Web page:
While Mormon places the hill Cumorah and the Land of Many Waters in the same area, Mesoamericanists have them far apart
Sorenson places his Land of Many Waters in Mesoamerica 350 miles away from his hill Cumorah.
Moroni tells us that the Land of Promise had a Sea that Divideth the Land.
Sorenson and other Mesoamericanists do not have such a sea. The Gulf of Guayaquil between Peru and Ecuador in South America divides the land where these two countries meet.
Mormon tell us that Mulek landed along the seashore and settled there and lived there from the time they first arrived in the Land of Promise.
Sorenson and others tell us that Mulek landed among the Jaredites in the Land Northward and migrated down to Zarahemla later.
Moses tells us in the Bible that the Flood came in 2344 B.C.
Sorenson, using the Mayan calendar, tells us it occurred in 3113 B.C.
Moroni tells us that the Nephites spoke Hebrew throughout their time in the Land of Promise.
Sorenson claims that “in the first centuries after Nephi’s landing, no indication is given that the Hebrew speech of the Nephites changed to any other tongue though the possibility remains.” Other Mesoamerican theorists claim that “it is unlikely that the Hebrew persisted down to the time of Cumorah.”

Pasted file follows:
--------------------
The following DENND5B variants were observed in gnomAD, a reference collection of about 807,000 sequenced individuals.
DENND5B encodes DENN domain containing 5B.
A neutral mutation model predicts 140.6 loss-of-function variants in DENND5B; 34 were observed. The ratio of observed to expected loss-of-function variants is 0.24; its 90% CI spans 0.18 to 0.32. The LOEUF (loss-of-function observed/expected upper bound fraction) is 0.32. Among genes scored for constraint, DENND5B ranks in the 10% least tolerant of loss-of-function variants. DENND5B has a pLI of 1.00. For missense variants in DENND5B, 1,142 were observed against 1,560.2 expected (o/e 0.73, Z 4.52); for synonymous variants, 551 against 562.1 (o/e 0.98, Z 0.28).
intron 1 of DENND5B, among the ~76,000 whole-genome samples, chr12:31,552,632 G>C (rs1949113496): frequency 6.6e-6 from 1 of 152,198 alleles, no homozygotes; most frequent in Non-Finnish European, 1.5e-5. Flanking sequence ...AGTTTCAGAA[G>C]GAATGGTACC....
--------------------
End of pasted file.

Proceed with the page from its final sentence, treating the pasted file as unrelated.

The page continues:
Mormon tells us that they grew Wheat and Barley in the Land of Promise.
Sorenson tells us that it must have been some other crops because wheat and barley will not grow in Mesoamerica.
Mormon tells us that the Lord provided plants and herbs to cure the disease of fevers.
Sorenson never mentions diseases, plants, herbs or cures. Besides, the cure for deadly fevers—quinine—is only found in Peru from the bark of the cinchona tree.
Mormon tells us that Hagoth built exceedingly large ships.
Sorenson claims that Hagoth’s ships were hardly like ships that came later, but were just large dugout canoes or rafts.
(See the next post, “How Can Anyone Defend Mesoamerica as the Land of Promise? – Part IV,” for more insights into how far afield this research went in trying to establish Mesoamerica as the Land of Promise, and why it simply is not tenable today)


  1. I see it important for those today who should read the Book of Mormon and gain a testimony of it to have the correct model out there—as the serious problems in the other models can be used to persuade those persons to reject the Book of Mormon without even reading and asking God about it.

  2. The mission of this blog is to provide correct scripture-based information to hopefully overcome that very problem.